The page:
The city is presumed to have set the assessment legally and, thus, introduction of the assessment roll constitutes prima facie proof that the assessment does not exceed the special benefit. Id. But this “presumption of validity” disappears when adverse evidence on the question of value is introduced. Id. at 204. Once the presumption disappears, the trial court makes an independent factual determination of assessment evidence, giving no deference to the city assessment roll. Tri-State Land Co. v. City of Shoreview, 290 N.W.2d 775, 777-78 (Minn. 1980).
Appellant claims the property owners did not introduce evidence sufficient to rebut the “presumption of validity” accorded the assessment roll. This court has held, however, that lay testimony from the property owner on property value is competent evidence sufficient to rebut this presumption. Dosedel v. City of Ham Lake, 414 N.W.2d 751, 756 (Minn. App. 1987). Here, the property owners, to show their property did not increase in value, both testified themselves and offered the testimony of an expert appraiser. Thus, the presumption of validity disappeared and the trial court properly conducted an independent review of the assessment evidence.
Appellant claims that the presumption was never rebutted because the trial court, by concluding that the properties had received a special benefit, rejected the testimony from the property owners and their appraiser (that there was no benefit). But the trial court was free to accept the testimony in part. The fact that the trial court did not agree that the benefit was zero does not alter the fact that the evidence of the property owners and their appraiser was sufficient for the trial court to find the presumption of assessment-roll validity was rebutted and, thus, to rule in respondents’ favor.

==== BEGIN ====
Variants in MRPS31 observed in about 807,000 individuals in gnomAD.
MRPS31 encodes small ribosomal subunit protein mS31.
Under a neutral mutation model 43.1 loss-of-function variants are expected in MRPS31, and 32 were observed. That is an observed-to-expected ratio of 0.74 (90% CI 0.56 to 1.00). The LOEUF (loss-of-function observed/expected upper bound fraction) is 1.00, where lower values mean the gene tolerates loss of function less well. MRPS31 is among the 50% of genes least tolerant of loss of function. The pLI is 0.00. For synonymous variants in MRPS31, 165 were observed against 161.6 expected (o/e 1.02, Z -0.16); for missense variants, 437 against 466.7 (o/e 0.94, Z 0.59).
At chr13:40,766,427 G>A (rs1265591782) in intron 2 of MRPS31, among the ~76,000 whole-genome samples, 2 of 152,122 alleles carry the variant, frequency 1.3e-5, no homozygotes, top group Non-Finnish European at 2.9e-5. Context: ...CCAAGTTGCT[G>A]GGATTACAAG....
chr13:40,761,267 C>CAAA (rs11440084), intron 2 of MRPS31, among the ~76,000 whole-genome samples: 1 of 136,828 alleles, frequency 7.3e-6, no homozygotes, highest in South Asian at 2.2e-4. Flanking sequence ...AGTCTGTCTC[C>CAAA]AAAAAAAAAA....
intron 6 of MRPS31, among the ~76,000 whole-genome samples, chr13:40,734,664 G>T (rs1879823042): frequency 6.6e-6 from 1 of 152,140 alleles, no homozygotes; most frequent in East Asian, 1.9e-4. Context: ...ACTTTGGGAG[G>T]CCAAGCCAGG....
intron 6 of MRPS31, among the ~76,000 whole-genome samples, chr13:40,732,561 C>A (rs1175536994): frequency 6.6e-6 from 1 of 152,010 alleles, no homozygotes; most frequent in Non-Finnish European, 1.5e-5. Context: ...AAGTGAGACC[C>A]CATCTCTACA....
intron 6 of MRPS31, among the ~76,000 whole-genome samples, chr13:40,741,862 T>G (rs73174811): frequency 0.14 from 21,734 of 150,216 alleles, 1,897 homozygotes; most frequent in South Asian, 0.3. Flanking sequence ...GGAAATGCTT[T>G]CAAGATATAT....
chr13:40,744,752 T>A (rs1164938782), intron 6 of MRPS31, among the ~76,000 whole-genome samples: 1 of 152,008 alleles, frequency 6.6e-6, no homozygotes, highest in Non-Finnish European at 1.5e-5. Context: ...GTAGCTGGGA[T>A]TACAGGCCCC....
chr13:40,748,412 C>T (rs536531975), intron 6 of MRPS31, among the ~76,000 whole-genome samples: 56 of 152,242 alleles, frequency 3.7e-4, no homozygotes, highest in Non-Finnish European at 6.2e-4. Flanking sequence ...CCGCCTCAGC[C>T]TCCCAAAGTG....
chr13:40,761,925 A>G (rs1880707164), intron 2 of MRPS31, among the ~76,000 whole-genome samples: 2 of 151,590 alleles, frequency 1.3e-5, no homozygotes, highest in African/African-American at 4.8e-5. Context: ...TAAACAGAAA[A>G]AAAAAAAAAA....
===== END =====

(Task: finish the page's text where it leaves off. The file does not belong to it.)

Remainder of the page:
Appellant also claims the trial court erred in rejecting the testimony of the city’s appraiser. In a bench trial,
[f]indings of fact, whether based on oral or documentary evidence, shall not be set aside unless clearly erroneous, and due regard shall be given to the opportunity of the trial court to judge the credibility of the witnesses.
Minn. R. Civ. P. 52.01. The record supports the finding that the opinions of the city’s appraiser were flawed. As the trial court noted in its findings, the city’s appraiser used Brooklyn Center properties that were not comparable and then did not follow his own observations on the different impact on high-value properties.
Appellant cites Independent School District No. 709 v. City of Duluth, 287 Minn. 200, 204, 177 N.W.2d 812, 815 (1970), which declared that “[c]ourts will not substitute their judgment for that of the assessing body.” But this statement has been implicitly overruled by subsequent authority such as Buettner and Tri-State, which hold that the trial court conducts an independent review of the competing evidence, once contesting evidence on the special-benefit issue is introduced.